I read a great review regarding The Hunger Games today.
Periodically I will peruse the NYT best-seller list and pick a few titles that interest me to get a pulse on what everyone is reading. The Hunger Games caught my attention and it only took me a week and a half to read the whole trilogy.
Here is what stood out from my reading:
- Suzanne Collins is a masterful writer. She writes in a gripping, short-prosed way that gets your heart thumping and pulls you into the story.
- These books force you to think through many themes impacting our culture today – the effects of war on children, our world’s obsession with Reality TV, a society devoid of God, senseless killing, what true love is, depression, and the list can continue.
- You will exhibit a range of emotions as you plough through the story.
- You will recognize the possibility of something like this actually happening in the not-so-distant future.
In my opinion, this trilogy trumps the Harry Potter line of books in its masterful use of modern-day English and it’s capturing of the human imagination and emotions.
Feel free to form your own opinions as you read the books (which are of course way better than the movie), but only start into the trilogy if you have a lineup of nights when you are willing to stay up late, and be sure to arm yourself with a good book-light.
God, may our church be faithful even if that does not mean full. May we be known by consistently reaching out to others with Your Word. Help us to be more committed to Your Ideas than our own. Lead us to be more consumed with a passion for success in Your eyes than a fear of how man measures us. Show us the reality of Your love in our lives and help it to overflow in our love towards others.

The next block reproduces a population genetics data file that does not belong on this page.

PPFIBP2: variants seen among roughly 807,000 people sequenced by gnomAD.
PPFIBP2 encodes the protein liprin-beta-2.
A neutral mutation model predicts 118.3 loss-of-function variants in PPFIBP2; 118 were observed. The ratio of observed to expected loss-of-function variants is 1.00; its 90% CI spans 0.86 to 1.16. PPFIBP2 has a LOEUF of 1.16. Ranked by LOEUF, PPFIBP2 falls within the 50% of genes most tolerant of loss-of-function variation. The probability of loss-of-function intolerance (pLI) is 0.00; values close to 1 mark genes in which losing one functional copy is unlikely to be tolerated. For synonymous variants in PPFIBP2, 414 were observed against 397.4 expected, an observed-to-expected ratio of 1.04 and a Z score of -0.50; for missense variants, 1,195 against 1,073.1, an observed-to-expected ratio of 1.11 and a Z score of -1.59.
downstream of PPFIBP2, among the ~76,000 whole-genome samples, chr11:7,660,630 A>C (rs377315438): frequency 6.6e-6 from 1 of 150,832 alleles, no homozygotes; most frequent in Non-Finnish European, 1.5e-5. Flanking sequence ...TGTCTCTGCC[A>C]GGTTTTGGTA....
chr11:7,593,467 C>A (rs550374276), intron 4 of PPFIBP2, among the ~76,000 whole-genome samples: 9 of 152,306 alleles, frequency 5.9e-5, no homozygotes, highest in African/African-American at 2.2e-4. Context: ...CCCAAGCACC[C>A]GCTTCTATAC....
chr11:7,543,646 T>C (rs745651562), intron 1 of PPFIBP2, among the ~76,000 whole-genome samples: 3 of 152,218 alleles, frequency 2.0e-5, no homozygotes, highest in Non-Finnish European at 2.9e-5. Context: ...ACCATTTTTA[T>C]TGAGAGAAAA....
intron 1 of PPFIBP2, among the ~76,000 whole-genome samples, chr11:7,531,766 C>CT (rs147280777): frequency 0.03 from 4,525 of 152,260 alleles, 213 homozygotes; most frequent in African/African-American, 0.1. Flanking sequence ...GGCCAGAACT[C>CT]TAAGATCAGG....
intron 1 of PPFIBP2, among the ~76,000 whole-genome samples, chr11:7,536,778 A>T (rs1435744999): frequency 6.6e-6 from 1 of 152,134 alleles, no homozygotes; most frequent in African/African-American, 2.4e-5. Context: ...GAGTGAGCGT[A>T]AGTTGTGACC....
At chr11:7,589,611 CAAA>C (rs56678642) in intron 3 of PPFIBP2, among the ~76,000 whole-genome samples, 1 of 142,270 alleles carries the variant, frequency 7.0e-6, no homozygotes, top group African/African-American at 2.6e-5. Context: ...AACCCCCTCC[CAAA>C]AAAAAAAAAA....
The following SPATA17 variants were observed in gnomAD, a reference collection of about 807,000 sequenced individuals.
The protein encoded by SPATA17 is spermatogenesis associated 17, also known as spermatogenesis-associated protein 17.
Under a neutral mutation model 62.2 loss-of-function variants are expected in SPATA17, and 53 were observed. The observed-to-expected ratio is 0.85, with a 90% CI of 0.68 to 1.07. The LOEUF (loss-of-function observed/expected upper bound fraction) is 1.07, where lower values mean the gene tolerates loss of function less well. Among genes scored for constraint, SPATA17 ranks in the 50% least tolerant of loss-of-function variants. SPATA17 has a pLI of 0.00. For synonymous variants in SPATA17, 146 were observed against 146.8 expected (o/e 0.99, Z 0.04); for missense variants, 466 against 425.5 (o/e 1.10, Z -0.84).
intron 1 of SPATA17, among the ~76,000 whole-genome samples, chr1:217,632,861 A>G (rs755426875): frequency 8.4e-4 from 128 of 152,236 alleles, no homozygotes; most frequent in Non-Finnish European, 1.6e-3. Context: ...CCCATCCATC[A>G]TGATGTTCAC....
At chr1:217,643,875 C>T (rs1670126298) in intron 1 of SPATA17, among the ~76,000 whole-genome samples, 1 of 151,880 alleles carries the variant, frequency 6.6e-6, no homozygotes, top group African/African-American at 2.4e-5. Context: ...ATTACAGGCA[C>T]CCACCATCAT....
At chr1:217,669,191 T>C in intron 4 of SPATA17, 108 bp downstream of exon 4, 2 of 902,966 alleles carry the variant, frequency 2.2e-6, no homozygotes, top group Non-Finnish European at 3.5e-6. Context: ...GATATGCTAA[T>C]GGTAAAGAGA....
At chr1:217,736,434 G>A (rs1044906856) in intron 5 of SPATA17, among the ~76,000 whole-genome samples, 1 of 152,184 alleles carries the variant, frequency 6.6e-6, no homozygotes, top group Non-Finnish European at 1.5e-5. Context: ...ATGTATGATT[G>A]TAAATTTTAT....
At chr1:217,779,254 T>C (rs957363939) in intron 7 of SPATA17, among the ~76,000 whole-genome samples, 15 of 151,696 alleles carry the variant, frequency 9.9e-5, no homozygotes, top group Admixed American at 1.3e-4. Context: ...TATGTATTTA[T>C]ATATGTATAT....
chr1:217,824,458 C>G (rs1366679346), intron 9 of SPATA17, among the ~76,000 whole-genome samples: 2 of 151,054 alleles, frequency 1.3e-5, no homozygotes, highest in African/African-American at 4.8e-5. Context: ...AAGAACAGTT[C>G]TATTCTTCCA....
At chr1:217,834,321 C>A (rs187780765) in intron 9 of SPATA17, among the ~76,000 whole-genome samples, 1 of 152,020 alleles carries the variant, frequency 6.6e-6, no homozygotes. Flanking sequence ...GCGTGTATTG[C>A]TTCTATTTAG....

And if faithfulness = fullness, we leave that up to You.
It’s not the size of the book in the fight, but the size of the fight in the book. Pardon the terrible pun, but that is what I found myself thinking as I read D.A. Carson’s From the Resurrection to His Return. This short, 47 page book (which is in reality only 42 pages of solid text) does justice in teaching it’s subtitle – living faithfully in the last days. Carson unpacks a familiar passage of Scripture, 2 Timothy 3:1–4:8, in a way that will leave you motivated to live out your days in a godly manner.
The book is broken down into 5 chapters: the first one serves as a descriptive backdrop to the text, and then the next four hold out the commands for our lives sourced in the text. Carson views “the last days” as being from the time of Christ’s first to his second return. Then he explains the descriptions that Paul gives of those who live in this time period. The following is a list of the four commands, along with a brief description.
Hold the right mentors in high regard. Carson states a convincing case for a mentality that looks for godly mentors to place oneself under. I appreciate his focus on being under the godly influence of others instead of living a maverick lonely Christian life.
Hold few illusions about the world. Here, Carson urges believers to realize that this is a sin-cursed world in these last days. Sin should not surprise, but it should always horrify. Believers should not live life acting like they are not different from the world around them, as that is pure blindness to reality.
Hold on to the Bible. This refreshing command comes straight out of the fourteenth verse of 2 Timothy 3. Carson does not back down from holding the Bible as the sole authority for our thoughts and actions. Such a high view of Scripture is sadly becoming rare in these last days.
Hold out the Bible to others. Not only is the Bible good for our own lives, but it is also worth spreading out to others, as Carson presents from 2 Timothy 4. I appreciate that he encourages Christians to “think aggressively” about how this is done in every area of their lives.
This valuable gem of a book can be finished in less couch-time than any modern movie consumes, but it is immensely more profitable to one’s life than the effort it takes to read it.
I am a man. Men used to be taught that they should never cry. In today’s culture, I believe that it is becoming more acceptable for men to shed tears. However, this shedding of tears has to come about by some kind of “manly” reason.
- What man doesn’t shed a tear while re-watching Braveheart for the fifteenth time when William Wallace (played by Mel Gibson) yells out “FREEDOM!” right before his head gets chopped off?